Scottish Apprenticeship Week: Business must lead the change

Written by Damien Yeates on 7 March 2018 in Comment

Skills Development Scotland chief Damien Yeates on how apprentices can build Scotland's resilience to change

The impact of artificial intelligence, automation and the unfolding fourth industrial revolution are gaining an increasing profile within the public consciousness, as policymakers and business leaders grapple with the prospect of even more challenges and changes to the existing work model.

We ignore these advances at our peril but therein lies opportunity. In the words of the First Minister: “Scotland’s ambition is to be the inventor and the producer, not just a consumer, of the innovations that will shape the lives of our children and grandchildren.” 

We should keep in mind that Scotland has faced, and ultimately thrived through periods of major transformation brought about by advancements in technology in the past. The legacy of a financial crisis, a loss in business confidence, a fall in real incomes and a technological revolution were the direct precursors of the Industrial Revolution in the mid-19th century.

As a society, we have shown the resilience to flourish through change and the ability to create opportunities from challenge. We need to do so again.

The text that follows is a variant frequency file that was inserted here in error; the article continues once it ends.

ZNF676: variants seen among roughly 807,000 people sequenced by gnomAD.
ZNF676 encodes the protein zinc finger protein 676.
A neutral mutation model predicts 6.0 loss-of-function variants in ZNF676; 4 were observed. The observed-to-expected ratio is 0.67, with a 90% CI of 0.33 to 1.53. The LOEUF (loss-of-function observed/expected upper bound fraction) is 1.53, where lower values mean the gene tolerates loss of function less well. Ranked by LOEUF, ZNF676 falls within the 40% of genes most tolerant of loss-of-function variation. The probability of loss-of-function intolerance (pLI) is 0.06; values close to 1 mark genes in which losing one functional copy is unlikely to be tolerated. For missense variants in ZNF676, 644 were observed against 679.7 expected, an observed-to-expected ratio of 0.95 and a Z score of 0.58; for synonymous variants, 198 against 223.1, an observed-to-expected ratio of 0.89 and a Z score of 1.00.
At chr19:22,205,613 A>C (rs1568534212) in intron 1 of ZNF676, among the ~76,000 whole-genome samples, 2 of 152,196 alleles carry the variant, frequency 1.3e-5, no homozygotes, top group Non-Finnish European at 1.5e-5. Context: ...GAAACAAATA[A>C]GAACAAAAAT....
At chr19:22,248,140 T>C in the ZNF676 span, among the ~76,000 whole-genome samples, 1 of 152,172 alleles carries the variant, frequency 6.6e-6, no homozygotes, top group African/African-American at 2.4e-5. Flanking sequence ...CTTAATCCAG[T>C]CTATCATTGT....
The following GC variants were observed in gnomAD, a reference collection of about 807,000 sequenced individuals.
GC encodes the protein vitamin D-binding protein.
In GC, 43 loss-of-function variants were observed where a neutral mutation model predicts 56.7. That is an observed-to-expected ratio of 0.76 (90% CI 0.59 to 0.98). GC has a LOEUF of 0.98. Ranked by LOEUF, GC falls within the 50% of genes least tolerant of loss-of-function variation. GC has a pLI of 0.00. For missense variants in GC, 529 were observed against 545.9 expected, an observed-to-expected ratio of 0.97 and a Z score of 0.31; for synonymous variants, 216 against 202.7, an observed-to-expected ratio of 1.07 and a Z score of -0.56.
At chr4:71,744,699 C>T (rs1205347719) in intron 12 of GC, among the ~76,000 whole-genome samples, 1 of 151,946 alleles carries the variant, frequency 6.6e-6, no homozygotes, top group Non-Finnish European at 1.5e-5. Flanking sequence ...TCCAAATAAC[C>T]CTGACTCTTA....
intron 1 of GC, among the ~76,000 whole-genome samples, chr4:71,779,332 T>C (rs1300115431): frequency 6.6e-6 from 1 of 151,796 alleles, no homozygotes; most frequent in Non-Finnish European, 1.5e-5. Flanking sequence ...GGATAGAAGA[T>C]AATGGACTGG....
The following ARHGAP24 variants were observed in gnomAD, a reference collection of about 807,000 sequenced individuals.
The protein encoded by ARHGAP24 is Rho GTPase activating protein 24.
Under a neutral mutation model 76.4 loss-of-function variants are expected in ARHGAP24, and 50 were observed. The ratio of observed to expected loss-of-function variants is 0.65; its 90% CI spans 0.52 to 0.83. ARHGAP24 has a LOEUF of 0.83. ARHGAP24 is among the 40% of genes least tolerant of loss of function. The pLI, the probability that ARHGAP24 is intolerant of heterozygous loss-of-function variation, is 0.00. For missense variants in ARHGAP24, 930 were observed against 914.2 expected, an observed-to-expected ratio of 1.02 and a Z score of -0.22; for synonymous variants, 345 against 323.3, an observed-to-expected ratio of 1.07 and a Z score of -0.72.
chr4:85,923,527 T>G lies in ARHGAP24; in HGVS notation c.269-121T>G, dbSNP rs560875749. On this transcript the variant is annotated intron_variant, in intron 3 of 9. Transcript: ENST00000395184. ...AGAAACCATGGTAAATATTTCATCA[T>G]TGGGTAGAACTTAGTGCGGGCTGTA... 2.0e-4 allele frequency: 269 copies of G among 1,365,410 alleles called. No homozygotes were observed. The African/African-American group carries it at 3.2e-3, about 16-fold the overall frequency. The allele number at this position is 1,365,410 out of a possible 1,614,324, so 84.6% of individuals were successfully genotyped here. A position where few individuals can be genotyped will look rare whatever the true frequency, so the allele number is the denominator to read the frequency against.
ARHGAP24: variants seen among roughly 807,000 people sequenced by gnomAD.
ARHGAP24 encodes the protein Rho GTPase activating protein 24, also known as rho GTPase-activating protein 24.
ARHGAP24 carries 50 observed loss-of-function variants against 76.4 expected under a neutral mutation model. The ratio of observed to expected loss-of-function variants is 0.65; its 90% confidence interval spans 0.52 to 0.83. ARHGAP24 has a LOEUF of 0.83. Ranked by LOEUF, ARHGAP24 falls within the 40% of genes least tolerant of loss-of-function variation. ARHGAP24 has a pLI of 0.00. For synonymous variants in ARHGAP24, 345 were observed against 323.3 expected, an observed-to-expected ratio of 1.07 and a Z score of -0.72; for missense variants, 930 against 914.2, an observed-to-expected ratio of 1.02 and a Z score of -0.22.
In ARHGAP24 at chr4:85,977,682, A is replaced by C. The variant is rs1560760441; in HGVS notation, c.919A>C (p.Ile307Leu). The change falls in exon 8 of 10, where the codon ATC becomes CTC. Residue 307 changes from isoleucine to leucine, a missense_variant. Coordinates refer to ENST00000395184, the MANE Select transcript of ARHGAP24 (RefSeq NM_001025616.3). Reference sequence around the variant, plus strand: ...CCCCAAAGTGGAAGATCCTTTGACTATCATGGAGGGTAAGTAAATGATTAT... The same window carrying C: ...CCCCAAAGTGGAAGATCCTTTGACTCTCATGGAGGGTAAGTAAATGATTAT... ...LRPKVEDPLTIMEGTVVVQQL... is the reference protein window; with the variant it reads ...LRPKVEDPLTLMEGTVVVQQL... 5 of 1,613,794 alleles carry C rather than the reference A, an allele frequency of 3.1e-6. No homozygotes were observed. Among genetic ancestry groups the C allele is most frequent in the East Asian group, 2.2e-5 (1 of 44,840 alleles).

Looking ahead, we know that low productivity, a tightening labour market, longer-term pressures on public spending and the rapid rate of change are very real challenges for our economy.  

As the national skills agency, Skills Development Scotland (SDS) is responding on many levels. Extensive evidence from around the globe points to a high correlation between economic resilience, higher levels of productivity and crucially, industry leadership and investment in skills.

We continue to champion the critical role of Scottish businesses in building the capabilities of the workforce today and into the future. With the strong backing of the Scottish Government, we have supported industry to rapidly expand the number of apprenticeship opportunities.  

Alongside the growth in Modern Apprenticeships, SDS is working hand-in-glove with business to further promote the value of work-based learning, with new apprentices combining on-the-job training with academic studies. 

Innovative new developments in the form of Foundation and Graduate Apprenticeships enable industry and employers to lead and invest in young talent straight from school, right up to Master’s degree level.

Through the Scottish Government’s Enterprise and Skills Review, SDS is also collaborating with the Scottish Funding Council to ensure that the investment of around £1.7bn in the higher and further education system is more responsive and aligned to the skills required by Scotland’s businesses and economy.  

If we are to embrace the challenges ahead and prosper in the fourth industrial revolution as we have done in the past, we firmly believe that businesses have a lead role to play in developing and upskilling the talent of the future.  

We are moving towards a new economic model which will, more than ever, thrive on workforce competencies built around the innate human skills of – critical thinking, problem solving, creativity, collaboration and communication. By combining on-the-job learning alongside rigorous academic learning, we can more rapidly upskill and reskill Scotland’s workforce “to be the inventor and the producer”. Crucially, business must take the lead. 

Damien Yeates is the chief executive of Skills Development Scotland



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